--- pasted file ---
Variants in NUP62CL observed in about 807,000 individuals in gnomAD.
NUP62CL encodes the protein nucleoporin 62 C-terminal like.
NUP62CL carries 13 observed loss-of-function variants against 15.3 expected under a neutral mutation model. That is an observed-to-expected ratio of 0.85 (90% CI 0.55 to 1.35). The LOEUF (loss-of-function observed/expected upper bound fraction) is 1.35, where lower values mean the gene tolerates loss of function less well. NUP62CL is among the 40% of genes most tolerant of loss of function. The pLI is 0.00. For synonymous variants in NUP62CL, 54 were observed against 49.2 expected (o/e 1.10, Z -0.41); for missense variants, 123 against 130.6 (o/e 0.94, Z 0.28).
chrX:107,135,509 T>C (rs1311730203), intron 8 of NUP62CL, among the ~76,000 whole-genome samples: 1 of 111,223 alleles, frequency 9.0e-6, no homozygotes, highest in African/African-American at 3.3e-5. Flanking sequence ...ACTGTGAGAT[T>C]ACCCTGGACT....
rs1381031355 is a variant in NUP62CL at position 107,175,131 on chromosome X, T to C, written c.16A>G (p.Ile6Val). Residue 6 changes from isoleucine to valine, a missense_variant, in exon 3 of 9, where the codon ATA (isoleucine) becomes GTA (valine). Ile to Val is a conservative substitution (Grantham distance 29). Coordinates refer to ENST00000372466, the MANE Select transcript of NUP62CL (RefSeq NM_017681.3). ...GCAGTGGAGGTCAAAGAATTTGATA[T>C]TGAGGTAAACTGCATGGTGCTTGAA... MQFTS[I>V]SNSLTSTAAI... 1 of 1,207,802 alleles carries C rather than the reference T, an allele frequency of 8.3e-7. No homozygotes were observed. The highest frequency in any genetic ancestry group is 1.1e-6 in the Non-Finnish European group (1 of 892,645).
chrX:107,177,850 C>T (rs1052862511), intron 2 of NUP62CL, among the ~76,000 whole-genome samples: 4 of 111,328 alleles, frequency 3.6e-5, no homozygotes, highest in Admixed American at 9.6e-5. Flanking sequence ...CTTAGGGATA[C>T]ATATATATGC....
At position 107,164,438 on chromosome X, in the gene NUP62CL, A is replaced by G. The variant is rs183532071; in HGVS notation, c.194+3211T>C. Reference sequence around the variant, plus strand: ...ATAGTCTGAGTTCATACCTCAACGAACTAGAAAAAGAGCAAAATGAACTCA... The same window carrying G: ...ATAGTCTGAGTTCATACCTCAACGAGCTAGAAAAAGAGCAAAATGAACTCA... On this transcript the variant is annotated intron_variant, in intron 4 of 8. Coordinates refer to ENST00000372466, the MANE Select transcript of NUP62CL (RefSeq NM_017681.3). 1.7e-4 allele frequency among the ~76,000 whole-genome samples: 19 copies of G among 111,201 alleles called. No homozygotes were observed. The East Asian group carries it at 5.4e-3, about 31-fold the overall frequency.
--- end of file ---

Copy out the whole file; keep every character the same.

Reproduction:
Variants in NUP62CL observed in about 807,000 individuals in gnomAD.
NUP62CL encodes the protein nucleoporin 62 C-terminal like.
NUP62CL carries 13 observed loss-of-function variants against 15.3 expected under a neutral mutation model. That is an observed-to-expected ratio of 0.85 (90% CI 0.55 to 1.35). The LOEUF (loss-of-function observed/expected upper bound fraction) is 1.35, where lower values mean the gene tolerates loss of function less well. NUP62CL is among the 40% of genes most tolerant of loss of function. The pLI is 0.00. For synonymous variants in NUP62CL, 54 were observed against 49.2 expected (o/e 1.10, Z -0.41); for missense variants, 123 against 130.6 (o/e 0.94, Z 0.28).
chrX:107,135,509 T>C (rs1311730203), intron 8 of NUP62CL, among the ~76,000 whole-genome samples: 1 of 111,223 alleles, frequency 9.0e-6, no homozygotes, highest in African/African-American at 3.3e-5. Flanking sequence ...ACTGTGAGAT[T>C]ACCCTGGACT....
rs1381031355 is a variant in NUP62CL at position 107,175,131 on chromosome X, T to C, written c.16A>G (p.Ile6Val). Residue 6 changes from isoleucine to valine, a missense_variant, in exon 3 of 9, where the codon ATA (isoleucine) becomes GTA (valine). Ile to Val is a conservative substitution (Grantham distance 29). Coordinates refer to ENST00000372466, the MANE Select transcript of NUP62CL (RefSeq NM_017681.3). ...GCAGTGGAGGTCAAAGAATTTGATA[T>C]TGAGGTAAACTGCATGGTGCTTGAA... MQFTS[I>V]SNSLTSTAAI... 1 of 1,207,802 alleles carries C rather than the reference T, an allele frequency of 8.3e-7. No homozygotes were observed. The highest frequency in any genetic ancestry group is 1.1e-6 in the Non-Finnish European group (1 of 892,645).
chrX:107,177,850 C>T (rs1052862511), intron 2 of NUP62CL, among the ~76,000 whole-genome samples: 4 of 111,328 alleles, frequency 3.6e-5, no homozygotes, highest in Admixed American at 9.6e-5. Flanking sequence ...CTTAGGGATA[C>T]ATATATATGC....
At position 107,164,438 on chromosome X, in the gene NUP62CL, A is replaced by G. The variant is rs183532071; in HGVS notation, c.194+3211T>C. Reference sequence around the variant, plus strand: ...ATAGTCTGAGTTCATACCTCAACGAACTAGAAAAAGAGCAAAATGAACTCA... The same window carrying G: ...ATAGTCTGAGTTCATACCTCAACGAGCTAGAAAAAGAGCAAAATGAACTCA... On this transcript the variant is annotated intron_variant, in intron 4 of 8. Coordinates refer to ENST00000372466, the MANE Select transcript of NUP62CL (RefSeq NM_017681.3). 1.7e-4 allele frequency among the ~76,000 whole-genome samples: 19 copies of G among 111,201 alleles called. No homozygotes were observed. The East Asian group carries it at 5.4e-3, about 31-fold the overall frequency.